Campbell Vaughn: Pink or blue? You can influence the color of hydrangea

For some good southern garden hydrangeas, this is a good time of the year. Something in the blue mop-head hydrangea allows gardening juice to flow. These southern gems are called large-leaf hydrangea or commonly known as large-leaf hydrangea, French hydrangea or snowball hydrangea.
There are more than 500 known large-leaf hydrangea varieties in the nursery trade. They are divided into two categories: Hortensias with large snowball-shaped flower clusters and lace hydrangea, which usually have some flat-topped (lace flower) flowers. With fertile, non-showy flowers in the center, and more colorful, sterile flowers on the outside. The plant size varies from 4 feet to 12 feet, depending on the variety.
The criteria for my decision to continue planting these southern beauties are morning sunshine, afternoon shade and moist, well-drained soil. Avoid planting it in hot, dry, and exposed places. Large-leaf hydrangea is susceptible to freezing temperatures, so looking for some protection against the cold is also a consideration. The cold in late spring can freeze the leaves and occasionally damage the flower buds. Our April freeze proved this point. French hydrangea can be easily grown in a container and is an excellent garden plant. Another advantage of growing plants in containers is that it can be moved indoors on cold nights.
Bigleaf hydrangeas respond to several fertilizations during the growing season. It is recommended to apply general-purpose fertilizers, such as 8-8-8 or 10-10-10, at a rate of 1 pound (2 cups) per 100 square feet in March, May, and July. It is not necessary to remove the mulch when applying fertilizer, but water immediately after application to help dissolve the fertilizer and send it into the soil.
Hydrangea macrophylla is a water-requiring plant, which is most suitable for areas where water is easily available. In the absence of rain, whenever the plants begin to wither, be sure to water them. It is important to avoid stress on the plants during spring blooming. Apply 3 to 5 inches of organic mulch, such as pine grass, pine bark, or fallen leaves, on the soil surface to retain moisture and control weeds.
Did you know that you can actually change the color of the flowers on these hydrangeas from blue to pink? The science behind the ability to change the color of flowers comes from the ability of plants to absorb aluminum. When the pH of the soil is lower than 5.5, hydrangeas can better absorb aluminum, which makes the flowers blue. When the pH of the soil becomes more alkaline (6.0 and above), the hydrangea cannot absorb aluminum, and the color changes to pink. Since most of our soil is acidic, these hydrangeas are naturally blue.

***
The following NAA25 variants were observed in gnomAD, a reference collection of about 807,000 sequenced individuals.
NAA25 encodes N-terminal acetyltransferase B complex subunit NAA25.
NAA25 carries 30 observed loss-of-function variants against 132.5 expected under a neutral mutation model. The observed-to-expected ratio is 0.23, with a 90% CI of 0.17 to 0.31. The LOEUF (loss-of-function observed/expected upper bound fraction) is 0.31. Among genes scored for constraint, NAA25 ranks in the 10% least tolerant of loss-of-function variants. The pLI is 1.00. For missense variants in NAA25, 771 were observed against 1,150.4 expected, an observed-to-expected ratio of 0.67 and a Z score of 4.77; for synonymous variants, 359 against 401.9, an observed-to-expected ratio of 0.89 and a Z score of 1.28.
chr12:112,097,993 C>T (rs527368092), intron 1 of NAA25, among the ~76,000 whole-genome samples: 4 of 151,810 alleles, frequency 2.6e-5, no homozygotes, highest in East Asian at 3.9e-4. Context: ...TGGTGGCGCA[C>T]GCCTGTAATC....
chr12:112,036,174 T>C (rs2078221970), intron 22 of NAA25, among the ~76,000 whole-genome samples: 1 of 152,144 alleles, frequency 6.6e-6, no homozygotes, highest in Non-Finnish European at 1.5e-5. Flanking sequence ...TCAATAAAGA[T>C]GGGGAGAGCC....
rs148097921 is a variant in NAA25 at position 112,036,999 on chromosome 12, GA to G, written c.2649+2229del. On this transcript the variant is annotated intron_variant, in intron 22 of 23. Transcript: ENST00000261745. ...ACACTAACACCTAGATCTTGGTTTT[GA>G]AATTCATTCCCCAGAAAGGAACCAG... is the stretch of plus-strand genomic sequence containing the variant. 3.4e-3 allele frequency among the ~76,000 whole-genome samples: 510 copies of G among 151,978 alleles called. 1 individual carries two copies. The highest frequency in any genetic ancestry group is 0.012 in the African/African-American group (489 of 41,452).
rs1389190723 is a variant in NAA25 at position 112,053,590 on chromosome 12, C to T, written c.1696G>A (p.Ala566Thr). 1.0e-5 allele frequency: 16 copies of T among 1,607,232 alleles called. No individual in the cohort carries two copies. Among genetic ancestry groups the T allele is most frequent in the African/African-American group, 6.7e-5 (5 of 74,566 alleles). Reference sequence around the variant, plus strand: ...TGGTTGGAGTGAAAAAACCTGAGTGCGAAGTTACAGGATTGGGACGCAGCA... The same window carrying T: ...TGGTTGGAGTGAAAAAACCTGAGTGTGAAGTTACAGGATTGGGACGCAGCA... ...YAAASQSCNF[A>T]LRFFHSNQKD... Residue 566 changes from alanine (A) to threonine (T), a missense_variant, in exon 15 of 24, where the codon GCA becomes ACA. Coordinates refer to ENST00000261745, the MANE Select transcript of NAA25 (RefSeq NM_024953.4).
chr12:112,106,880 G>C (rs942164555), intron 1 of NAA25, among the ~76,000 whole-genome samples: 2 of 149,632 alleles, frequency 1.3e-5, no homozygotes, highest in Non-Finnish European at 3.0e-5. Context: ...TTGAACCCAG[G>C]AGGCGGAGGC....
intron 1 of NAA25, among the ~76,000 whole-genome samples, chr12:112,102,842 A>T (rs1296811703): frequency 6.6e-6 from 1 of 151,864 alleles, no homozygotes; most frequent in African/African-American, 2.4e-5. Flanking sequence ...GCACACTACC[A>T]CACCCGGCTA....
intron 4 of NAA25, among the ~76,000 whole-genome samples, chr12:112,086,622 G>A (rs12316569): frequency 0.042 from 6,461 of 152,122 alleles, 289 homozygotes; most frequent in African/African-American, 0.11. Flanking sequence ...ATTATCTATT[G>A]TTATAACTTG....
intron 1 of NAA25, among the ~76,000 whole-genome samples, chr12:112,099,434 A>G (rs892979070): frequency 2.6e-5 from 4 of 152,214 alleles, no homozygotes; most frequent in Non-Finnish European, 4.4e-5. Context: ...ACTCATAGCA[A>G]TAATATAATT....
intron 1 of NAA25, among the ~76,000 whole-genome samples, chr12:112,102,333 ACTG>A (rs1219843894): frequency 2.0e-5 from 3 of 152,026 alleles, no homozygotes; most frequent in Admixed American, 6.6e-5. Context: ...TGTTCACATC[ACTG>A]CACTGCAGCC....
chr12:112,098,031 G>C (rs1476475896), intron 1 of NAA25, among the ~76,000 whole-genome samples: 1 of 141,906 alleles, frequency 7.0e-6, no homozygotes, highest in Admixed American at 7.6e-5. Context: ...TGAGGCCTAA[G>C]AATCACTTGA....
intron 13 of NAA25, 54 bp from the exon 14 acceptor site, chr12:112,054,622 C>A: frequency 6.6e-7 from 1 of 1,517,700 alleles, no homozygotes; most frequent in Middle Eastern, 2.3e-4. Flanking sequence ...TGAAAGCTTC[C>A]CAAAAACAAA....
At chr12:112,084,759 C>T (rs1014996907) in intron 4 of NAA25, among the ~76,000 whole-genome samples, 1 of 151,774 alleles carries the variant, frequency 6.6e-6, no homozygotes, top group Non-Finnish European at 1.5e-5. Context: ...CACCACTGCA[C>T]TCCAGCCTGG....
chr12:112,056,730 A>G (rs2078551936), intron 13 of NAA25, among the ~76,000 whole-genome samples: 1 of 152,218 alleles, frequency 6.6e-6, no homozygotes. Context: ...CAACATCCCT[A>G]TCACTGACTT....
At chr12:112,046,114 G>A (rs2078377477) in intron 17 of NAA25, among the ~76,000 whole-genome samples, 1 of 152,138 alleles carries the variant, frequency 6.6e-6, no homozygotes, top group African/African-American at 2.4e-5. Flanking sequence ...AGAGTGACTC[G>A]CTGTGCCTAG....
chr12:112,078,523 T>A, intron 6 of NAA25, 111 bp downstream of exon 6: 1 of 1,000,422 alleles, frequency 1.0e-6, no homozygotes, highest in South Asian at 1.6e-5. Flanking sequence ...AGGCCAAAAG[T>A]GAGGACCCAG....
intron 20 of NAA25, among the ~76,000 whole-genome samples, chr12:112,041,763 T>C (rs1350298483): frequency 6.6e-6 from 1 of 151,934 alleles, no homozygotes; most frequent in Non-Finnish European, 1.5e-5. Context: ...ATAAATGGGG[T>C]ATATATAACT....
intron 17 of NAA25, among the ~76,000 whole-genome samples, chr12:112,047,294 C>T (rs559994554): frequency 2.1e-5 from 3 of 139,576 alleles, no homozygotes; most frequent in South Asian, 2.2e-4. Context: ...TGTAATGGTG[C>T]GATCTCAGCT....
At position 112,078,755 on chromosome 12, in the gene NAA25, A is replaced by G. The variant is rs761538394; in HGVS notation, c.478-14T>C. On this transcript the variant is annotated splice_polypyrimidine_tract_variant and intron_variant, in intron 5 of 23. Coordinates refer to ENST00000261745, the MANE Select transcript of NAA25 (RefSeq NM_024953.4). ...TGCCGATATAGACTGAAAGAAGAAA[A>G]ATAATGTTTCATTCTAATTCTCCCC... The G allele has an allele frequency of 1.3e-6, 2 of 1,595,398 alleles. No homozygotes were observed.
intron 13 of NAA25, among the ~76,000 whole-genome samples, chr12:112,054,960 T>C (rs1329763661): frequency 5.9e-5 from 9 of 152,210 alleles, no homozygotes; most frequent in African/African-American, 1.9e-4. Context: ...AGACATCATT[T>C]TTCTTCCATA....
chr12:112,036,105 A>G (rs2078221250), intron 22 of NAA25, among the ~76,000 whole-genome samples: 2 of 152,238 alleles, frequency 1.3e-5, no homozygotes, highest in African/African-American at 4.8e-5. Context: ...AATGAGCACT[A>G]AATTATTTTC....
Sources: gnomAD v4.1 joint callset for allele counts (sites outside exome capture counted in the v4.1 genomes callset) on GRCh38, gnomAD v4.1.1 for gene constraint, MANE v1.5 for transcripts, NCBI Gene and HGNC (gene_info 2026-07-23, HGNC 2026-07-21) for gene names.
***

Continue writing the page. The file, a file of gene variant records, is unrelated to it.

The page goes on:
To gradually change the color of the flower from pink to blue, spread half a cup of wettable sulfur every 10 square feet and water it. To make the flowers pink, spread a cup of dolomite lime every 10 square feet and pour it into the soil. It may take a year for this treatment to see a significant change in color.
Another way to change the color of the flower more quickly is by soaking the liquid soil. To make the flowers blue, or bluer during the growing season, dissolve 1 tablespoon of alum (aluminum sulfate) in 1 gallon of water and soak the soil around the plants in March, April, and May. To make the flowers pink, dissolve 1 tablespoon of hydrated lime in 1 gallon of water in March, April, and May, and then soak the soil around the plants. Avoid applying the solution to the leaves, as it may cause foliar damage.
My poor friend Jason called me and said that his hydrangea this year is very beautiful, but there is only one flower. He received some bad suggestions for pruning them, and in February cut them off and cut off all potential buds.
When the flowers begin to fade, it is best to trim large-leaf hydrangeas. Prune flower heads and long branches to promote fullness. Flower buds will begin to form in the late summer of the next season, so avoid pruning after mid-August. Sometimes it is necessary to prune plants after severe winter to remove damaged leaves. Although this promotes vegetative growth at the expense of flowers, removing the damaged leaves in winter is more beneficial to the health and beauty of the plant.
Remember, these shrubs are deciduous, so in winter they will have no leaves for 3 to 4 months. If you can find a suitable location, these hydrangeas can be the highlight of your landscape.
Contact Campbell Vaughn, UGA Agriculture and Natural Resources Agent, Richmond County, by emailing augusta@uga.edu.


Post time: Dec-07-2021

Inquiry

Follow us

  • sns01
  • sns02
  • sns03

Send your message to us:

Write your message here and send it to us